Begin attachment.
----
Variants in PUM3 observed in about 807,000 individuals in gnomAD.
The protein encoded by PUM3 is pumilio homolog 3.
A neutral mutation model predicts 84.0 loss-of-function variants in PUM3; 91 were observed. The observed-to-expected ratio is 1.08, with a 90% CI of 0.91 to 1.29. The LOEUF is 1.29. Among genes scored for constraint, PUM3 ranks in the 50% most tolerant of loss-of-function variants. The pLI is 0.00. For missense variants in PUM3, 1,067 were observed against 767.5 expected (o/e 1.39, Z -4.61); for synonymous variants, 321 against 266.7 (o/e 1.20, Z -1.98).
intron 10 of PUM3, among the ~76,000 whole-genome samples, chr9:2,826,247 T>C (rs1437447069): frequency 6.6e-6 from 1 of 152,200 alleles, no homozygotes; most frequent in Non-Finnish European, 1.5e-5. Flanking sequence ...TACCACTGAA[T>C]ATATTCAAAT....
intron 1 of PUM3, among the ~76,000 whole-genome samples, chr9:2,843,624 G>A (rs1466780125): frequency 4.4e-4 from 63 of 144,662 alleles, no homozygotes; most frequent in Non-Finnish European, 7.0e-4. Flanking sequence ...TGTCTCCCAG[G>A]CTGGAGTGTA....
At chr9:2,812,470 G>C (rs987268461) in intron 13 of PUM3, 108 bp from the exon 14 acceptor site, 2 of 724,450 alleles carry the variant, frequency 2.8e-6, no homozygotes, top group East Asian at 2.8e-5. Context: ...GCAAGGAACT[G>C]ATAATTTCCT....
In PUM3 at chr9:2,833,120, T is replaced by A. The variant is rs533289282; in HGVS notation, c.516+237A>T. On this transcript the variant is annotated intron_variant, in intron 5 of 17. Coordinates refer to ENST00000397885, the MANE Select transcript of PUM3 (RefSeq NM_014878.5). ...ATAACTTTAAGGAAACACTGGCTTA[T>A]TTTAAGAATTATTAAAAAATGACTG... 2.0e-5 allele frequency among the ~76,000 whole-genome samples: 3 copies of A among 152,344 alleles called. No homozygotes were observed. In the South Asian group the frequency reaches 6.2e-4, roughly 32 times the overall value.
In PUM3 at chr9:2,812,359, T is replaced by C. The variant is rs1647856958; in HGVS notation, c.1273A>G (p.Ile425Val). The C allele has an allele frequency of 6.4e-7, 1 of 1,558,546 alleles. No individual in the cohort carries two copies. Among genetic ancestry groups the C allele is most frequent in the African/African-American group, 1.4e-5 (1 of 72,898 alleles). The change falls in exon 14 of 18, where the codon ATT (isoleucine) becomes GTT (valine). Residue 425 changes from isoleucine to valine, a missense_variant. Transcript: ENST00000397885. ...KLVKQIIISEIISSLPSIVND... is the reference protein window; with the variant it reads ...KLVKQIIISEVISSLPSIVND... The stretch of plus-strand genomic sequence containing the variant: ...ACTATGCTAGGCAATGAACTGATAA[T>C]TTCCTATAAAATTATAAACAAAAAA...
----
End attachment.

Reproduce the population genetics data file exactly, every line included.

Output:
Variants in PUM3 observed in about 807,000 individuals in gnomAD.
The protein encoded by PUM3 is pumilio homolog 3.
A neutral mutation model predicts 84.0 loss-of-function variants in PUM3; 91 were observed. The observed-to-expected ratio is 1.08, with a 90% CI of 0.91 to 1.29. The LOEUF is 1.29. Among genes scored for constraint, PUM3 ranks in the 50% most tolerant of loss-of-function variants. The pLI is 0.00. For missense variants in PUM3, 1,067 were observed against 767.5 expected (o/e 1.39, Z -4.61); for synonymous variants, 321 against 266.7 (o/e 1.20, Z -1.98).
intron 10 of PUM3, among the ~76,000 whole-genome samples, chr9:2,826,247 T>C (rs1437447069): frequency 6.6e-6 from 1 of 152,200 alleles, no homozygotes; most frequent in Non-Finnish European, 1.5e-5. Flanking sequence ...TACCACTGAA[T>C]ATATTCAAAT....
intron 1 of PUM3, among the ~76,000 whole-genome samples, chr9:2,843,624 G>A (rs1466780125): frequency 4.4e-4 from 63 of 144,662 alleles, no homozygotes; most frequent in Non-Finnish European, 7.0e-4. Flanking sequence ...TGTCTCCCAG[G>A]CTGGAGTGTA....
At chr9:2,812,470 G>C (rs987268461) in intron 13 of PUM3, 108 bp from the exon 14 acceptor site, 2 of 724,450 alleles carry the variant, frequency 2.8e-6, no homozygotes, top group East Asian at 2.8e-5. Context: ...GCAAGGAACT[G>C]ATAATTTCCT....
In PUM3 at chr9:2,833,120, T is replaced by A. The variant is rs533289282; in HGVS notation, c.516+237A>T. On this transcript the variant is annotated intron_variant, in intron 5 of 17. Coordinates refer to ENST00000397885, the MANE Select transcript of PUM3 (RefSeq NM_014878.5). ...ATAACTTTAAGGAAACACTGGCTTA[T>A]TTTAAGAATTATTAAAAAATGACTG... 2.0e-5 allele frequency among the ~76,000 whole-genome samples: 3 copies of A among 152,344 alleles called. No homozygotes were observed. In the South Asian group the frequency reaches 6.2e-4, roughly 32 times the overall value.
In PUM3 at chr9:2,812,359, T is replaced by C. The variant is rs1647856958; in HGVS notation, c.1273A>G (p.Ile425Val). The C allele has an allele frequency of 6.4e-7, 1 of 1,558,546 alleles. No individual in the cohort carries two copies. Among genetic ancestry groups the C allele is most frequent in the African/African-American group, 1.4e-5 (1 of 72,898 alleles). The change falls in exon 14 of 18, where the codon ATT (isoleucine) becomes GTT (valine). Residue 425 changes from isoleucine to valine, a missense_variant. Transcript: ENST00000397885. ...KLVKQIIISEIISSLPSIVND... is the reference protein window; with the variant it reads ...KLVKQIIISEVISSLPSIVND... The stretch of plus-strand genomic sequence containing the variant: ...ACTATGCTAGGCAATGAACTGATAA[T>C]TTCCTATAAAATTATAAACAAAAAA...